• Yes, if EIFS is installed correctly it can be a very good product to use, however, some installers were not trained correctly and this resulted in moisture entering the walls and causing the problems we’ve heard about. Glad that you have had a great experience.

  2. Dryvit Buyer says:

    For what it’s worth we ran into this issue when buying our home. It was listed as Stucco and wasn’t until home inspection we even learned what Dryvit (EIFS) is. We were first time home buyers and we furious with our agent for not looking out for us on this topic, given it’s a well known issue. It almost caused our entire deal to fall through. We ended up lowering our offer price 80k (based on cost of recladding) and also requested a 3 year insurance policy. We have since bought the home and are more comfortable with the issue, but understand the resale implications. If you’re ever working with someone who is looking at a home with EIFS, make sure it’s not a surprise to them! There is absolutely a discount applied to these homes.

    • Great to hear that your situation turned out well. I agree that agents should make buyers aware of the issue so they can make knowledgeable buying decisions. Thanks for sharing.

  3. Great graph, Tom. Is this a commonly known issue in your market? In other words, do you think most buyers and agents are informed about the problem? What do MLS statements tend to say when a house has this type of exterior?

    • The problems with Dryvit are commonly known in this area Ryan, and the agents and owners are informed. As I mentioned in the post some homeowners will cut the Dryvit back from the ground to help prevent moisture from getting into the walls and the sellers will offer a warranty in case future problems arise. These homes do sell, however they are discounted. On the other hand, there are owners that are having the exterior removed and the home bricked up, in which case these homes will bring higher values in line with other brick home sales. Owners/sellers need to know the cost to do this and the added value the brick will bring to decide if it is financially feasible for them to do.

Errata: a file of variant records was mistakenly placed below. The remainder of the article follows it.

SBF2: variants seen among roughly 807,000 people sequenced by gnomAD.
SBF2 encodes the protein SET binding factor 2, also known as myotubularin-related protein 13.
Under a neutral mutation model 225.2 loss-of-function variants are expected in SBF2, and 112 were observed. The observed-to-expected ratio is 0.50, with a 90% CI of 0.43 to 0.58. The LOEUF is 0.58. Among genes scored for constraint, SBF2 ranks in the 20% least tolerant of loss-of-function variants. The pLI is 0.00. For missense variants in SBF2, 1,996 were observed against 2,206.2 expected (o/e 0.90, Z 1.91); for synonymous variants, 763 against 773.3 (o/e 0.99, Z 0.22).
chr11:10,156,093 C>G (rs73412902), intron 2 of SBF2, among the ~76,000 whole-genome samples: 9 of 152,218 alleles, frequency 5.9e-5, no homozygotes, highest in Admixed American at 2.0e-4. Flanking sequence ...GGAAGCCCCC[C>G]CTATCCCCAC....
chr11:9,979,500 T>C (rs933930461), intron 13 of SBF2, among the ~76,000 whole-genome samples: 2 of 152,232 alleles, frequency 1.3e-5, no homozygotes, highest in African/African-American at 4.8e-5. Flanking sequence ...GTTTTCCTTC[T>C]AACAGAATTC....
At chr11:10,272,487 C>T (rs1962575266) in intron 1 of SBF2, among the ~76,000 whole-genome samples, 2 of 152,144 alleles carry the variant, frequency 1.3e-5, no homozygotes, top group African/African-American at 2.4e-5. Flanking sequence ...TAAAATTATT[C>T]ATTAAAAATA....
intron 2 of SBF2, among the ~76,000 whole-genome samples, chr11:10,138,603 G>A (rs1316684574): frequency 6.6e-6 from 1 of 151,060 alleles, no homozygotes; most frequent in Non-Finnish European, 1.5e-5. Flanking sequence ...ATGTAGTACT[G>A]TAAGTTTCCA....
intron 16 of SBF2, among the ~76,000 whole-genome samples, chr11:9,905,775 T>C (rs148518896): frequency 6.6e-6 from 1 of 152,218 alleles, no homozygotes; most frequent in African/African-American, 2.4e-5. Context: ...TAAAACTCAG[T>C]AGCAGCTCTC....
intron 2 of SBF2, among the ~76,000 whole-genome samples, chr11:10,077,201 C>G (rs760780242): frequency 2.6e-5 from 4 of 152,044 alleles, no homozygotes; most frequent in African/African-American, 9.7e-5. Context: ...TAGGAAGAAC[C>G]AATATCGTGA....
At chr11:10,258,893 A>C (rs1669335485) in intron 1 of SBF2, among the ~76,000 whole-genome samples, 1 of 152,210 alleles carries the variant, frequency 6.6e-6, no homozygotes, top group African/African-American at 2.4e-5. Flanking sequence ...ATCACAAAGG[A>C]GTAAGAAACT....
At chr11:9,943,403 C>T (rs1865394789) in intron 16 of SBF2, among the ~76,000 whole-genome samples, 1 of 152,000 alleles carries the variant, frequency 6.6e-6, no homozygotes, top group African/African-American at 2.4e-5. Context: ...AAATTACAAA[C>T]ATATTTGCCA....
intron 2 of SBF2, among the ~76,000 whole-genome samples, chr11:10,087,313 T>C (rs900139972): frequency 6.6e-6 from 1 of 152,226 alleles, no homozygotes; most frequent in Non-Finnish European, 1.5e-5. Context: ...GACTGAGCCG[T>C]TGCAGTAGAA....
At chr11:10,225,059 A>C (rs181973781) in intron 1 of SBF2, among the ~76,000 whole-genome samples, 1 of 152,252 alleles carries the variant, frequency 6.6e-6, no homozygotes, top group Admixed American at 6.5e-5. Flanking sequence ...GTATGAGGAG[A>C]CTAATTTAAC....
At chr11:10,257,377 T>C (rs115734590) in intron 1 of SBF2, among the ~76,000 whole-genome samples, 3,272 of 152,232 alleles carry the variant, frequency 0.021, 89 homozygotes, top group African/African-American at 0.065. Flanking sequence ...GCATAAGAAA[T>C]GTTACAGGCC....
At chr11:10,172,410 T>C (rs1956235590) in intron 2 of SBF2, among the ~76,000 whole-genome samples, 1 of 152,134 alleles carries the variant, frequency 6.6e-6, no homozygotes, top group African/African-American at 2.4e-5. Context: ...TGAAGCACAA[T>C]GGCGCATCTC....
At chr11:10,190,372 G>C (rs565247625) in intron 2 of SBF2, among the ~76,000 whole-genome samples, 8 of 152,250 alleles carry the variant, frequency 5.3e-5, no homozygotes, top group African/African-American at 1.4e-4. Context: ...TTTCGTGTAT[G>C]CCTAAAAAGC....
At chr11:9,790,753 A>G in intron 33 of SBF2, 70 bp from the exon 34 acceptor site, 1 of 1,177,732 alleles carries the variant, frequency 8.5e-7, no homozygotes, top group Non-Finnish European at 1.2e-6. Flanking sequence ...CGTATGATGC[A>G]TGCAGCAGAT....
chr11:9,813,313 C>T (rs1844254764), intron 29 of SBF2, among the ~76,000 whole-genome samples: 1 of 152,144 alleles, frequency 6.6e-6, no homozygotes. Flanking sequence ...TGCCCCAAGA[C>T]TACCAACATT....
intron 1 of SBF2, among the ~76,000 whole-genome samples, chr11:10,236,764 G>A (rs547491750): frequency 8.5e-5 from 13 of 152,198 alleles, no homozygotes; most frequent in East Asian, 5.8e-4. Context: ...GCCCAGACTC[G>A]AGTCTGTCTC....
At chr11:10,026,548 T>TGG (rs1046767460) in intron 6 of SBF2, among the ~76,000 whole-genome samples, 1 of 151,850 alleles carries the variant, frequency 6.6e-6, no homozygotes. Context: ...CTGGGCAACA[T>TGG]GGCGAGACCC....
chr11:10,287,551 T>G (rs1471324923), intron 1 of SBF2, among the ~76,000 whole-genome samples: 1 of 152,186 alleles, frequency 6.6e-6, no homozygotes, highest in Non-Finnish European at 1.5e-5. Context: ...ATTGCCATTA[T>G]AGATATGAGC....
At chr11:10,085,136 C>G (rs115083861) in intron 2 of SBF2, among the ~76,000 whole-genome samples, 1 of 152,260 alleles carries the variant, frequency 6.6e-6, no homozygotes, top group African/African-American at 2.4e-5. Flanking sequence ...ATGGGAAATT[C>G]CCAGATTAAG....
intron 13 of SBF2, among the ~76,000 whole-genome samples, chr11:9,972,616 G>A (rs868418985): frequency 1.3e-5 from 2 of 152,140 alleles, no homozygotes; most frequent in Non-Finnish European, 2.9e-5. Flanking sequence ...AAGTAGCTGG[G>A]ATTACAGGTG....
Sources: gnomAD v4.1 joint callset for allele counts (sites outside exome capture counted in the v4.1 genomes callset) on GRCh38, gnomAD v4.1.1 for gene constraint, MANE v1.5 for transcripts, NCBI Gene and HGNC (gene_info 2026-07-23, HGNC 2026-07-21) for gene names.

4. Interesting data. In Portland, Oregon, we’re also pretty wet and I have seen stigma associated with EIFS. One agent I know purchased a house for a flip and lost all of her profit when she found out all of the siding needed replaced. I usually have to interview the buyer’s agent because the amount of stigma is usually on a case-by-case basis. Some properties with EIFS have been repaired in the trouble spots and will be good for a long time. Some properties with EIFS have a large overhang and likely will never have a problem. I would be cautious about purchasing an EIFS house with little or no overhang or high weather exposed sides.

    • Wow Gary, that’s gotta hurt, losing all your profit in the EIFS repair. I agree about the stigma being different on a case by case basis. Like I mentioned, there are some people who are willing to buy this type of construction if the siding has been cut back from the ground so that the likelihood of damage is reduced, and a warranty is included. Even at that buyers still want to buy for a reduced price.

      • David Niksich says:

        Only 1 glaring omission Tom – what’s the correction pronunciation of this word…dry-vit or dri-vit? lol Anyway, couldn’t agree more with your synapsis – virtually any property-based aspect that reduces the # of potential buyers/marketability of a property inherently needs to be noted, quanititated & adjusted for…very nice job my friend! Keep ’em coming…